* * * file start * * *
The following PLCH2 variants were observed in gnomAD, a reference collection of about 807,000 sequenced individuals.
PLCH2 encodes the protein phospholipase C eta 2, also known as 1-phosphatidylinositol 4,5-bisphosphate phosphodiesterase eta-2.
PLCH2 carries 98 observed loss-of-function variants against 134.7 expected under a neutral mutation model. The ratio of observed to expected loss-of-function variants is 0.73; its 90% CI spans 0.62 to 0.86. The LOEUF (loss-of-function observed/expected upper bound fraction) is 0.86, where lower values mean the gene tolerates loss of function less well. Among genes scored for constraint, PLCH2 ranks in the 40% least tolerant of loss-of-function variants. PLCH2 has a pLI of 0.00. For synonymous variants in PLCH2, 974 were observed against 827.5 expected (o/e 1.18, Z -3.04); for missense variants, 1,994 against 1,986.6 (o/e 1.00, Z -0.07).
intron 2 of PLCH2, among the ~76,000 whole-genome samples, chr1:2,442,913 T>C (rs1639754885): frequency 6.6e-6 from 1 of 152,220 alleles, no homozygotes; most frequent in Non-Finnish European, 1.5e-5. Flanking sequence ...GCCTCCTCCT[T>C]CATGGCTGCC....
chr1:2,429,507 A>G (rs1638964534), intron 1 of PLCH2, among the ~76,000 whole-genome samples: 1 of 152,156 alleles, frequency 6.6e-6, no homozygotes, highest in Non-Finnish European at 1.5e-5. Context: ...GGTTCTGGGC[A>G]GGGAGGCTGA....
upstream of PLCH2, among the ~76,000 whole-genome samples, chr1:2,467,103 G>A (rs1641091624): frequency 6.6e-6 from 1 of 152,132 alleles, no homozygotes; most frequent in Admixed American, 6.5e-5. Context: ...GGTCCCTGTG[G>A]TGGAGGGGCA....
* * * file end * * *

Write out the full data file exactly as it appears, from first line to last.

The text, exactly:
The following PLCH2 variants were observed in gnomAD, a reference collection of about 807,000 sequenced individuals.
PLCH2 encodes the protein phospholipase C eta 2, also known as 1-phosphatidylinositol 4,5-bisphosphate phosphodiesterase eta-2.
PLCH2 carries 98 observed loss-of-function variants against 134.7 expected under a neutral mutation model. The ratio of observed to expected loss-of-function variants is 0.73; its 90% CI spans 0.62 to 0.86. The LOEUF (loss-of-function observed/expected upper bound fraction) is 0.86, where lower values mean the gene tolerates loss of function less well. Among genes scored for constraint, PLCH2 ranks in the 40% least tolerant of loss-of-function variants. PLCH2 has a pLI of 0.00. For synonymous variants in PLCH2, 974 were observed against 827.5 expected (o/e 1.18, Z -3.04); for missense variants, 1,994 against 1,986.6 (o/e 1.00, Z -0.07).
intron 2 of PLCH2, among the ~76,000 whole-genome samples, chr1:2,442,913 T>C (rs1639754885): frequency 6.6e-6 from 1 of 152,220 alleles, no homozygotes; most frequent in Non-Finnish European, 1.5e-5. Flanking sequence ...GCCTCCTCCT[T>C]CATGGCTGCC....
chr1:2,429,507 A>G (rs1638964534), intron 1 of PLCH2, among the ~76,000 whole-genome samples: 1 of 152,156 alleles, frequency 6.6e-6, no homozygotes, highest in Non-Finnish European at 1.5e-5. Context: ...GGTTCTGGGC[A>G]GGGAGGCTGA....
upstream of PLCH2, among the ~76,000 whole-genome samples, chr1:2,467,103 G>A (rs1641091624): frequency 6.6e-6 from 1 of 152,132 alleles, no homozygotes; most frequent in Admixed American, 6.5e-5. Context: ...GGTCCCTGTG[G>A]TGGAGGGGCA....